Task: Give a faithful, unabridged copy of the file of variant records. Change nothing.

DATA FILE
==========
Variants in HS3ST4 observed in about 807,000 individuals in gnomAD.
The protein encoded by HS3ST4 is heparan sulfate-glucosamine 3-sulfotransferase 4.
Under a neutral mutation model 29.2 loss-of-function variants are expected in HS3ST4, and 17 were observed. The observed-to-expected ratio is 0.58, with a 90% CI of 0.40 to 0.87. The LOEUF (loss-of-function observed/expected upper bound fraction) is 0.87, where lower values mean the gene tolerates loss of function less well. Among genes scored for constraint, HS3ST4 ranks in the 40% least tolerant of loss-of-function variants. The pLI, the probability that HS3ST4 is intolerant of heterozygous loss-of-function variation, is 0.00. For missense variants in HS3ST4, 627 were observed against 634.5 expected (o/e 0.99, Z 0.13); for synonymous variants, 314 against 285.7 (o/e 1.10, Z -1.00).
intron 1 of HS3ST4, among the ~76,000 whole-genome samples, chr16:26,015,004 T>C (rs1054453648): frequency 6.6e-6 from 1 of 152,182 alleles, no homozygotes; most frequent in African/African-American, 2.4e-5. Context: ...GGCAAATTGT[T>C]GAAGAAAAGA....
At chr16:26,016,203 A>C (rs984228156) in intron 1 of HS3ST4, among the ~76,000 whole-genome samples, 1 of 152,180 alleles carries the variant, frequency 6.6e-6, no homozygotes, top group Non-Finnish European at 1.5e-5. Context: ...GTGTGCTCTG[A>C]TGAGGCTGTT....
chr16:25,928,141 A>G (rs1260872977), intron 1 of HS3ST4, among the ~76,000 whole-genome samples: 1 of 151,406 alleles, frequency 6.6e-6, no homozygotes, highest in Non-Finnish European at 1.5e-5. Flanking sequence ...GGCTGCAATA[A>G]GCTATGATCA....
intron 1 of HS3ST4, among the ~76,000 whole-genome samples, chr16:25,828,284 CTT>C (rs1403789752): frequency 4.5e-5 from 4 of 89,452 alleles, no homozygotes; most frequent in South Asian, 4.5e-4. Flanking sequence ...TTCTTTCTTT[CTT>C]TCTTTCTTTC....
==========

Variants in HS3ST4 observed in about 807,000 individuals in gnomAD.
The protein encoded by HS3ST4 is heparan sulfate-glucosamine 3-sulfotransferase 4.
Under a neutral mutation model 29.2 loss-of-function variants are expected in HS3ST4, and 17 were observed. The observed-to-expected ratio is 0.58, with a 90% CI of 0.40 to 0.87. The LOEUF (loss-of-function observed/expected upper bound fraction) is 0.87, where lower values mean the gene tolerates loss of function less well. Among genes scored for constraint, HS3ST4 ranks in the 40% least tolerant of loss-of-function variants. The pLI, the probability that HS3ST4 is intolerant of heterozygous loss-of-function variation, is 0.00. For missense variants in HS3ST4, 627 were observed against 634.5 expected (o/e 0.99, Z 0.13); for synonymous variants, 314 against 285.7 (o/e 1.10, Z -1.00).
intron 1 of HS3ST4, among the ~76,000 whole-genome samples, chr16:26,015,004 T>C (rs1054453648): frequency 6.6e-6 from 1 of 152,182 alleles, no homozygotes; most frequent in African/African-American, 2.4e-5. Context: ...GGCAAATTGT[T>C]GAAGAAAAGA....
At chr16:26,016,203 A>C (rs984228156) in intron 1 of HS3ST4, among the ~76,000 whole-genome samples, 1 of 152,180 alleles carries the variant, frequency 6.6e-6, no homozygotes, top group Non-Finnish European at 1.5e-5. Context: ...GTGTGCTCTG[A>C]TGAGGCTGTT....
chr16:25,928,141 A>G (rs1260872977), intron 1 of HS3ST4, among the ~76,000 whole-genome samples: 1 of 151,406 alleles, frequency 6.6e-6, no homozygotes, highest in Non-Finnish European at 1.5e-5. Flanking sequence ...GGCTGCAATA[A>G]GCTATGATCA....
intron 1 of HS3ST4, among the ~76,000 whole-genome samples, chr16:25,828,284 CTT>C (rs1403789752): frequency 4.5e-5 from 4 of 89,452 alleles, no homozygotes; most frequent in South Asian, 4.5e-4. Flanking sequence ...TTCTTTCTTT[CTT>C]TCTTTCTTTC....